Hi! My name is Marje Rhine. I am a quilt pattern designer (Quilt Design NW), teacher, longarm quilter, and, most importantly, pattern editor for American Quilter magazine. I'll be posting occasionally on this blog.
I belong to a journal quilt group that meets monthly to share thoughts and ideas about our little challenge quilts. Every meeting we choose a word, technique, and fabric to inspire us (or not, as sometimes happens) to make a quilt for the next month. My quilts finish to about 9" x 12". For the most recent meeting, we were to use items from our art supply cupboard in any way. The key word was 'freedom' and the fabric was one I decided not to use. (There are no set rules, so I could do that.)
I had recently read the new AQS book, Faux Appliqué, by Helen Stubbings. She uses colored pencils to re-create the look of appliqué. So, out came my colored pencils. Following Helen's instructions, I colored this black and white motif printed on fabric (small photo) just to see how the process worked. I treated the fabric per Helen's recommendation so the coloring wouldn't easily wash or rub out, and it worked well. I see many possibilities for this technique.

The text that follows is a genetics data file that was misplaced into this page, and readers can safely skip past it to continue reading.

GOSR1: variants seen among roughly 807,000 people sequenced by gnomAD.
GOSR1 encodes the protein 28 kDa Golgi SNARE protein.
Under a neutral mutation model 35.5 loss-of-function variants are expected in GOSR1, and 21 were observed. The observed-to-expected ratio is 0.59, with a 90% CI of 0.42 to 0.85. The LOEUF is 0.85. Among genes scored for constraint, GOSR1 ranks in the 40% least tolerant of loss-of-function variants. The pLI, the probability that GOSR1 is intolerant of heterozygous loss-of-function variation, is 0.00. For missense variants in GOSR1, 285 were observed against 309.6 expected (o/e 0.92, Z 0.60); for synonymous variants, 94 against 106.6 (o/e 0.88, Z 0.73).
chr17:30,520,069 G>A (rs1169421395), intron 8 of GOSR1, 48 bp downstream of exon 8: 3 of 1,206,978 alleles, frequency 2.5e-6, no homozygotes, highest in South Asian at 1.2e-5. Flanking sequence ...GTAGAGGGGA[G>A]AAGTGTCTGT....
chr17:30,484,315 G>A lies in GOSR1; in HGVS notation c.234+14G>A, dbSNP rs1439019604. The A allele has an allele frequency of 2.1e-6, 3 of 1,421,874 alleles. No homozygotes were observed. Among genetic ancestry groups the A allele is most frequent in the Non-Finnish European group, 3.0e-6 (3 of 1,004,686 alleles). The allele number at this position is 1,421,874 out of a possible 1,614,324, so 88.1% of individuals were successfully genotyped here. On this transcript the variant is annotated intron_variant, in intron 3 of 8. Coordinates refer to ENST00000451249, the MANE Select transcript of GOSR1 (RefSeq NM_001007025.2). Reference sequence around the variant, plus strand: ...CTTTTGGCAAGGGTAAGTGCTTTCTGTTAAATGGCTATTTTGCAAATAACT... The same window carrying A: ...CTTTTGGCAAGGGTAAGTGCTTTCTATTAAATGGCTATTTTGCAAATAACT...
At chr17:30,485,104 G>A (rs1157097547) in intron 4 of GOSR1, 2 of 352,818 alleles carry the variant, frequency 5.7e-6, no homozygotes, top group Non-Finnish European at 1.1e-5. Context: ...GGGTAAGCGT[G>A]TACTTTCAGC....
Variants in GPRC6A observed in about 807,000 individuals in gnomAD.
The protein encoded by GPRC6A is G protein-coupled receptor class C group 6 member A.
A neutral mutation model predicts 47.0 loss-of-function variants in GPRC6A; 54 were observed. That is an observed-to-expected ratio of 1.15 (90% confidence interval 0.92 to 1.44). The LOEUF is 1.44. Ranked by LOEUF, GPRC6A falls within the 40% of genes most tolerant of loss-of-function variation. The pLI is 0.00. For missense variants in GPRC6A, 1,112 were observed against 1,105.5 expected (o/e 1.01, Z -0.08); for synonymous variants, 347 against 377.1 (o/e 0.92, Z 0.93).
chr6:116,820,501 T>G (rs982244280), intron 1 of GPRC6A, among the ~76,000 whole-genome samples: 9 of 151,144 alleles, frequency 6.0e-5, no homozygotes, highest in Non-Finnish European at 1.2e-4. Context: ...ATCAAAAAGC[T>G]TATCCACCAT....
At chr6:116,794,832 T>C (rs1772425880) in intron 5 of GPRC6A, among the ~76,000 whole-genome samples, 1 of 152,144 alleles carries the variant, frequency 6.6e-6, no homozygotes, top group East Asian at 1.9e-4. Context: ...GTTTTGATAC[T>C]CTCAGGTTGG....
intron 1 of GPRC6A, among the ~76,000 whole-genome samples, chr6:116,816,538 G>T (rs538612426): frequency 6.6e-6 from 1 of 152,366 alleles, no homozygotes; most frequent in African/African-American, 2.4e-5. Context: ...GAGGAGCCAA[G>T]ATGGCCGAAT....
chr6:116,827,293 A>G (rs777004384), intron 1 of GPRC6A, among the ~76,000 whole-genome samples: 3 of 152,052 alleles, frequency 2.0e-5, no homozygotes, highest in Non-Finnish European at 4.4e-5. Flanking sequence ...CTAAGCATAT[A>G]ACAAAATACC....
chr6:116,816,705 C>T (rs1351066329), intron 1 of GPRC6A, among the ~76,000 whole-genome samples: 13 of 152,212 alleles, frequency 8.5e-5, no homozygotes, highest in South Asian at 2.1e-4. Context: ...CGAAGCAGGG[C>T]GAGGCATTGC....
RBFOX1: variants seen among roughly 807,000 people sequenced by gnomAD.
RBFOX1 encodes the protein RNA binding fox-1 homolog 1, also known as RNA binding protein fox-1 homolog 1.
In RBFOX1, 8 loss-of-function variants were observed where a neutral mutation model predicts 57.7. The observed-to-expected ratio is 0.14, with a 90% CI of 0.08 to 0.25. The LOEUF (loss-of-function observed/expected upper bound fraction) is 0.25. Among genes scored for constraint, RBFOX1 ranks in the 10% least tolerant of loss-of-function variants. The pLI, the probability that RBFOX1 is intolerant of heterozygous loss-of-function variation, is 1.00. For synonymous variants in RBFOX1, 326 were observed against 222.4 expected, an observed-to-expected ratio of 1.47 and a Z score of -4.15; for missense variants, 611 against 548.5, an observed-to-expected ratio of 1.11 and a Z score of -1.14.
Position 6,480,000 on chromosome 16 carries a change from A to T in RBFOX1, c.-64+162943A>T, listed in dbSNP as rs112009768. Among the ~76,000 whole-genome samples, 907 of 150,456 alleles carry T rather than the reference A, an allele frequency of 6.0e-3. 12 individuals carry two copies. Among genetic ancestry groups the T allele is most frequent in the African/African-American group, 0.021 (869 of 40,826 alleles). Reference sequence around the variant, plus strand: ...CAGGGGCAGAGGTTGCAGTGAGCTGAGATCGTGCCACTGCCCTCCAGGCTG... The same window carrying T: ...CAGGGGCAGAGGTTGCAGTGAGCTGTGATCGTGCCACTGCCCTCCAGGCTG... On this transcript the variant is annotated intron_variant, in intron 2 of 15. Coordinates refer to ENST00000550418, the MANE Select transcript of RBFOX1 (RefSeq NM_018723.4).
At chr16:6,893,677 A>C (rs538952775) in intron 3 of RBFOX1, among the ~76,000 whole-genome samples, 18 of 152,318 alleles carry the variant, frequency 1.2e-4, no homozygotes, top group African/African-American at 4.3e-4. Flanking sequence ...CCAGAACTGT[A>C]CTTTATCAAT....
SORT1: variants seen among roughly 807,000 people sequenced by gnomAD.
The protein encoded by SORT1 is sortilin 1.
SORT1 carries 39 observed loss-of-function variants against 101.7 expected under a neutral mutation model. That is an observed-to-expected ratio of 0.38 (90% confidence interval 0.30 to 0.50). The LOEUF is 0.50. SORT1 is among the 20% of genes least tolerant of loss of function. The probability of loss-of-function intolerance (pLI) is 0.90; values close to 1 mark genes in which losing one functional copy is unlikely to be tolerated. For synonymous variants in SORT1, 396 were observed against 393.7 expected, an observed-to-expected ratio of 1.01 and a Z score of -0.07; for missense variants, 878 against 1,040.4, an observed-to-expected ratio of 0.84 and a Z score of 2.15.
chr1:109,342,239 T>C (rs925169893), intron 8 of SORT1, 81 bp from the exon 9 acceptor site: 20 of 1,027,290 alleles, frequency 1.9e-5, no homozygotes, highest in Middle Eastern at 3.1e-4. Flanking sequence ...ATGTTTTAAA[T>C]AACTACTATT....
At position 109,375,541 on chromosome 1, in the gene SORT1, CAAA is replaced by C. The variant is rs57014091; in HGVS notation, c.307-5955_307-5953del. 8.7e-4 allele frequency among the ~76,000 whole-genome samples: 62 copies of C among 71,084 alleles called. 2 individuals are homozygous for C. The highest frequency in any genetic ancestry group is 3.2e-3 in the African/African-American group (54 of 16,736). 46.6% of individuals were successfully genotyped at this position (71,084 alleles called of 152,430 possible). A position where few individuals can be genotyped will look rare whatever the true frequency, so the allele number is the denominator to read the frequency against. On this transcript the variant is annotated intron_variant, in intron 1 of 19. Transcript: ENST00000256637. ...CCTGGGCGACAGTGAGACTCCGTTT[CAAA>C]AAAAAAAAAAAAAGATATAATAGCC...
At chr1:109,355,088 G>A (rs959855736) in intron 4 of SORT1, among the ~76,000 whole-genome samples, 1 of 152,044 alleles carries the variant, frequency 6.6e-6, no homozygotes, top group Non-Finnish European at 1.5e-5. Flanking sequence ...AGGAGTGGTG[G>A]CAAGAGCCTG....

In the meantime I was thinking about 'freedom.' To me, freedom meant I could do anything (legal!) I wanted, even wear orange! I found a great zebra-stripe fabric in my stash, but no bright orange colored pencil. So I used an orange hi-lighter pen to color a piece of the fabric, then treated it (again per Helen's recommendation in the Faux Appliqué book). I designed a saw-horse zebra block and pieced 6 zebras - 5 white & black and one orange & black. I call my creation, Freedom to Wear Orange. The quilt was fun to make, and I had a ball seeing what everyone else did for their little quilts.
Submitted by Marje Rhine, pattern editor for American Quilter magazine